How your child can support the NHS Nightingale Hospital with their #RainbowsForNightingale drawings


While in lockdown, families are looking for ways to share messages of support and hope to the world around them – and to the NHS workers on the frontline – through colourful pictures displayed in living room windows.

Recently, there has been reports that the NHS Nightingale Hospital wants children to send in their rainbow drawings to help spread messages of hope to the staff and patients in the building. You may have seen pictures on social media with the hashtag #RainbowsForNightingale.

The new NHS Nightingale Hospital, opened last week to help support the expected increase in hospitalised coronavirus cases across the UK in the next couple of weeks.

Is the NHS Nightingale Hospital asking for children’s rainbow drawings?

The idea that NHS Nightingale Hospital wanted children's rainbow drawings originally came from a Facebook page called “Rainbows for Nightingale”. The page, which claimed to be from the hospital itself, was revealed to be a fake – and the hospital asked people not to send them drawings directly.

The Facebook page, which has now been removed from Facebook, was well-meaning in its intentions and originally asked for pictures to be sent to the hospital’s regional address with the intention of bringing “some colour and hope to patients and staff”, according to the post.

However, after such a brilliant response to the #RainbowsForNightingale call out from children across the country, the NHS Nightingale's official twitter account asked for rainbow drawings to be shared online instead. They said, “We love that so many of you have shared your amazing rainbow pictures, but please don’t send them in the post.” Instead, they asked that pictures be shared online using the hashtag #RainbowsForNightingale.

Through social media and via the help of a local Central London school, NHS staff and patients will now be able to see the rainbow pictures. Find out how to send yours in...

Why are people drawing rainbows for the NHS?

You may have spotted colourful rainbow drawings in house windows around the country, or via social media. The trend of drawing and displaying the pictures originally started in Italy, where people hung rainbow painted on banners from their balconies to show others that they were not alone.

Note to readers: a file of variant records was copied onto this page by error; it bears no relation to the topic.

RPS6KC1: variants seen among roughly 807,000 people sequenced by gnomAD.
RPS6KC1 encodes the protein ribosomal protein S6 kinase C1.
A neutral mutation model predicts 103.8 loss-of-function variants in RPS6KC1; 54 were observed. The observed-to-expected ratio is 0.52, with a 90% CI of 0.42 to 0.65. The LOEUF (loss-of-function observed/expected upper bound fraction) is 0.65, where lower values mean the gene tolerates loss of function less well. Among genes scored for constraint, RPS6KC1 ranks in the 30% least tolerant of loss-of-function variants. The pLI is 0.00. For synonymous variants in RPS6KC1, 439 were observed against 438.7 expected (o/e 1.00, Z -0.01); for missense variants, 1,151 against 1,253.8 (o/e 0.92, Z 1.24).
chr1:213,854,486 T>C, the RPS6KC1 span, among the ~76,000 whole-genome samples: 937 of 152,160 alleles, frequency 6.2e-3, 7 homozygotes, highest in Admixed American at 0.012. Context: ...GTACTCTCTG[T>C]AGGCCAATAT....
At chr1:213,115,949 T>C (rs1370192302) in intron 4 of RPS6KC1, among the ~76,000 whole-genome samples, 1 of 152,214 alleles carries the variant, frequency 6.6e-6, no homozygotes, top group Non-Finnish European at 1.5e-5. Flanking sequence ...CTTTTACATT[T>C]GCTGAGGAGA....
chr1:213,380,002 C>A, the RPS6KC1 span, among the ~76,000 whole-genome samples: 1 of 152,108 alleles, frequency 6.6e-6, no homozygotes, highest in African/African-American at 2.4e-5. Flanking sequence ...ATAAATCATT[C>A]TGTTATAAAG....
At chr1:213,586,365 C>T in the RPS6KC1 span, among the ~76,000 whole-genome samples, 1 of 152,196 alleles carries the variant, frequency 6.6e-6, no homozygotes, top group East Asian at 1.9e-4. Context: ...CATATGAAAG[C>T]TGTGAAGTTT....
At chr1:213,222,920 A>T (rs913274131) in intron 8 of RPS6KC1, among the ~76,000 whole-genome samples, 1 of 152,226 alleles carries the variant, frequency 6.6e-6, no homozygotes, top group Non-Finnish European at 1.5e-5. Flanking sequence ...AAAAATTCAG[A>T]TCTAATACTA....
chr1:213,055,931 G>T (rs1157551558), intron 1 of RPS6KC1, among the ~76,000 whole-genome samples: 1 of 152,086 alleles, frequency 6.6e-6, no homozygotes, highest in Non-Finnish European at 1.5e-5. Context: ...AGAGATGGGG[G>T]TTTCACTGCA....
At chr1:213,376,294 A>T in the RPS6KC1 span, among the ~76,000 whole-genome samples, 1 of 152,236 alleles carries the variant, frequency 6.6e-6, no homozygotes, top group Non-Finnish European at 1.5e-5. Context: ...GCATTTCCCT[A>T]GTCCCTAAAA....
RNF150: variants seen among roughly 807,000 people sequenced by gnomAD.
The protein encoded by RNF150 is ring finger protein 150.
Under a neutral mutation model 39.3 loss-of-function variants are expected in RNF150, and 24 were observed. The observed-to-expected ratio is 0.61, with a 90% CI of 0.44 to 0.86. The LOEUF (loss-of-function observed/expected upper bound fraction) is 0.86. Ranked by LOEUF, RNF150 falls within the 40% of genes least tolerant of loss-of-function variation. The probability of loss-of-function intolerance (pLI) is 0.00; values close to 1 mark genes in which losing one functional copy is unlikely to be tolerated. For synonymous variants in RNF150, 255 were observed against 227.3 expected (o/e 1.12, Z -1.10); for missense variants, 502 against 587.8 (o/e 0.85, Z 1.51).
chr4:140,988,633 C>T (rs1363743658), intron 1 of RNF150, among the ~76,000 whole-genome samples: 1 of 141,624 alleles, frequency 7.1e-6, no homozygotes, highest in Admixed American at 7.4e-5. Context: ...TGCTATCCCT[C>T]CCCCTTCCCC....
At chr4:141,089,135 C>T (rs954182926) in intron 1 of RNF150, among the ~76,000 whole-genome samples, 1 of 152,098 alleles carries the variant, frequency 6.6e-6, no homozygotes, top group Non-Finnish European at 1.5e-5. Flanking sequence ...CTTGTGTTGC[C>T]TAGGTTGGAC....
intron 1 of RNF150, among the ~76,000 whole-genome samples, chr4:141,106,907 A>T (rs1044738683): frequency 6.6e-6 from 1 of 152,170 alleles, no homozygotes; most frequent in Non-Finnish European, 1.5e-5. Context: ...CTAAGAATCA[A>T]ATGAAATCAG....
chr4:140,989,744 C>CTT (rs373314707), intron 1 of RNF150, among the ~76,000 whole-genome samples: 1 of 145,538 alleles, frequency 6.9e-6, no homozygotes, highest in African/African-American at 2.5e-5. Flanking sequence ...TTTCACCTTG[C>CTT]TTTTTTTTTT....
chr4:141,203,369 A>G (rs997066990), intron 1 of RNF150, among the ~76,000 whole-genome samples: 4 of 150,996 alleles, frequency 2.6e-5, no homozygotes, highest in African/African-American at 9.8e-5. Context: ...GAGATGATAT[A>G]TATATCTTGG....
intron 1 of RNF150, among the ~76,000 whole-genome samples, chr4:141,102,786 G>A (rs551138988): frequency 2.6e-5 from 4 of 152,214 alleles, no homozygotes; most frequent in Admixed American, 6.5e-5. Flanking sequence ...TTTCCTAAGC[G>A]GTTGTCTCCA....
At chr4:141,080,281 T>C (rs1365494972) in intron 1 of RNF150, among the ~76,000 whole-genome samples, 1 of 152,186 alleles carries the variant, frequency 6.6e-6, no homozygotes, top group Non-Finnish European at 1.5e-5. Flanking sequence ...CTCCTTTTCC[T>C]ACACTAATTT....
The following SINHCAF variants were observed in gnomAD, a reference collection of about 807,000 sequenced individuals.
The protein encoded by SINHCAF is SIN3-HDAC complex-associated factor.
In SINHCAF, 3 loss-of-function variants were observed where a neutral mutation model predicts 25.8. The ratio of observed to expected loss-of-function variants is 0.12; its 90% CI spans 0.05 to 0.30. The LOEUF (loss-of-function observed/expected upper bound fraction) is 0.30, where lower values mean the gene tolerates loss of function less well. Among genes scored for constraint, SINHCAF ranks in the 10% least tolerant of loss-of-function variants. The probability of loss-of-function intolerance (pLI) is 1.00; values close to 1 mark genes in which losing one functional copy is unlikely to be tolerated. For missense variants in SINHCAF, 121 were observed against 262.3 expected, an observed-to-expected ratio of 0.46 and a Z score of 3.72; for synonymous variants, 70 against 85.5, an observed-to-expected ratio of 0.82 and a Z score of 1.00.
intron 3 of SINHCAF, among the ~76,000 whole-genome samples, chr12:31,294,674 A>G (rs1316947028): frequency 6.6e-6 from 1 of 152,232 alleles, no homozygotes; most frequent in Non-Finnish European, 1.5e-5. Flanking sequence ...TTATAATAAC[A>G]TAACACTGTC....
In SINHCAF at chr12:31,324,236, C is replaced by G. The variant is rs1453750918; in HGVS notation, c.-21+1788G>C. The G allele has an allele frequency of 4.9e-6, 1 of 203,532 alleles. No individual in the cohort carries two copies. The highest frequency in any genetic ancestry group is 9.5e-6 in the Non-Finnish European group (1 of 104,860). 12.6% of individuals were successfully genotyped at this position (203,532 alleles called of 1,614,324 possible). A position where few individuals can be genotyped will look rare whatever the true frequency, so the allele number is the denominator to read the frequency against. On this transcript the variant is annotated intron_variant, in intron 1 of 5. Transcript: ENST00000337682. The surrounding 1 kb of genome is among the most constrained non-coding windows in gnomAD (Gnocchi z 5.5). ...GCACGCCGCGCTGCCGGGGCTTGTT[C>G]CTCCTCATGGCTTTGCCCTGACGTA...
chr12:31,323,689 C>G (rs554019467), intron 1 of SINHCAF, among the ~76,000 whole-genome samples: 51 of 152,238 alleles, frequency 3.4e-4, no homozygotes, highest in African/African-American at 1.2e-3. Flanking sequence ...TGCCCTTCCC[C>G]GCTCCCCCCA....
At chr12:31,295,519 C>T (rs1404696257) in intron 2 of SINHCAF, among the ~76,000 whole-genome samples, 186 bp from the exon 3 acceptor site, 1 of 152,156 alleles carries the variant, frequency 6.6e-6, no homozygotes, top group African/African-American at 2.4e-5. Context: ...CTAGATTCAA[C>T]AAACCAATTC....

These rainbow drawings are supposed to remind all those seeing them that there is still hope to had in these darker times. Rainbows are a symbol of peace and calm, as they appear in the sky after a rainstorm when the sun eventually breaks through the clouds.

How to draw a rainbow and download a colouring sheet

If you or your little one wants to learn how to draw a rainbow for #RainbowsForNightingale, check out this handy tutorial on Youtube.

It's as easy as some paper, coloured pencils and a burst of creativity! Or to make it even easier, just colour between the lines of this rainbow colouring sheet by Little Learners. They come with motivational messages for passers by as well as easy-colour thank you slogans for our key workers.

How to send pictures to the NHS Nightingale Hospital

To help send pictures to the hospital, This Morning has created a new feature on their app, where you can upload your #RainbowsForNightingale pictures to be sent over to the hospital. You'll just need to...

  • Download the app.
  • Click on the icon at the bottom of the screen that says "Get Involved".
  • Scroll down to "Pictures for Nightingale" and fill in your details to send the picture on behalf of your child.
  • Take a photo of the artwork on your phone (but don't include any pictures of your child), filling the frame of the photo and upload it to the app.

Where else can you send rainbow drawings?

Originally, when NHS Nightingale Hospital confirmed they were not accepting pictures, a DLD college local to another London hospital agreed that children can send their pictures to them. The school is currently still open, as they have a number of boarding students stranded there.

The college is displaying the pictures in their windows, which can be seen by the hardworking staff St Thomas’ Hospital opposite.

  • To send your pictures to them, use this address: Posters, DLD College London, 199 Westminster Bridge Road, London SE1 7FX.

Get involved, create colourful pictures and send them to one of these to cheer up hardworking doctors and nurses at NHS hospitals!

Grace Walsh
Features Writer

Grace Walsh is a health and wellbeing writer, working across the subjects of family, relationships, and LGBT topics, as well as sleep and mental health. A digital journalist with over six years  experience as a writer and editor for UK publications, Grace is currently Health Editor for and has also worked with Cosmopolitan, Red, The i Paper, GoodtoKnow, and more. After graduating from the University of Warwick, she started her career writing about the complexities of sex and relationships, before combining personal hobbies with professional and writing about fitness.